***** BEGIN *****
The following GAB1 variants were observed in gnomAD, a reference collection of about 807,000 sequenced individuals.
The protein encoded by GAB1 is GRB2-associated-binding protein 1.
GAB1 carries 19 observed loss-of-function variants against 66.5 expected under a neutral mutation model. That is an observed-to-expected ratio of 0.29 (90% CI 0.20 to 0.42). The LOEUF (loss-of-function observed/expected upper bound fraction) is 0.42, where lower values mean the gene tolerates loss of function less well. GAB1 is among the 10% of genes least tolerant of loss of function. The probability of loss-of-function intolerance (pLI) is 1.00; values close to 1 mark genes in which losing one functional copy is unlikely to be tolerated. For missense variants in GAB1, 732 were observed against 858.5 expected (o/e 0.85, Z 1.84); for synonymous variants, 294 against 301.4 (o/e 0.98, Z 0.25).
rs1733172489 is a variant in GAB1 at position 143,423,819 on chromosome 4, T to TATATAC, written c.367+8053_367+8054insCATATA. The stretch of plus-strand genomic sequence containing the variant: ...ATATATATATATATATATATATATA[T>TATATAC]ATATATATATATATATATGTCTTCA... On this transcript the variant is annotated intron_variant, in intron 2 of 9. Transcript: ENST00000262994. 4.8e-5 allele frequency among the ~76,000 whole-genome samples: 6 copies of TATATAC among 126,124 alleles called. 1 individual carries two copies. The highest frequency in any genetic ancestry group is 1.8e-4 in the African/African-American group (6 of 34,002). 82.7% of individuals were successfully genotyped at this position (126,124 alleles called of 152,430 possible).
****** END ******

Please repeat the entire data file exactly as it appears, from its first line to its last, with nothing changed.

The following GAB1 variants were observed in gnomAD, a reference collection of about 807,000 sequenced individuals.
The protein encoded by GAB1 is GRB2-associated-binding protein 1.
GAB1 carries 19 observed loss-of-function variants against 66.5 expected under a neutral mutation model. That is an observed-to-expected ratio of 0.29 (90% CI 0.20 to 0.42). The LOEUF (loss-of-function observed/expected upper bound fraction) is 0.42, where lower values mean the gene tolerates loss of function less well. GAB1 is among the 10% of genes least tolerant of loss of function. The probability of loss-of-function intolerance (pLI) is 1.00; values close to 1 mark genes in which losing one functional copy is unlikely to be tolerated. For missense variants in GAB1, 732 were observed against 858.5 expected (o/e 0.85, Z 1.84); for synonymous variants, 294 against 301.4 (o/e 0.98, Z 0.25).
rs1733172489 is a variant in GAB1 at position 143,423,819 on chromosome 4, T to TATATAC, written c.367+8053_367+8054insCATATA. The stretch of plus-strand genomic sequence containing the variant: ...ATATATATATATATATATATATATA[T>TATATAC]ATATATATATATATATATGTCTTCA... On this transcript the variant is annotated intron_variant, in intron 2 of 9. Transcript: ENST00000262994. 4.8e-5 allele frequency among the ~76,000 whole-genome samples: 6 copies of TATATAC among 126,124 alleles called. 1 individual carries two copies. The highest frequency in any genetic ancestry group is 1.8e-4 in the African/African-American group (6 of 34,002). 82.7% of individuals were successfully genotyped at this position (126,124 alleles called of 152,430 possible).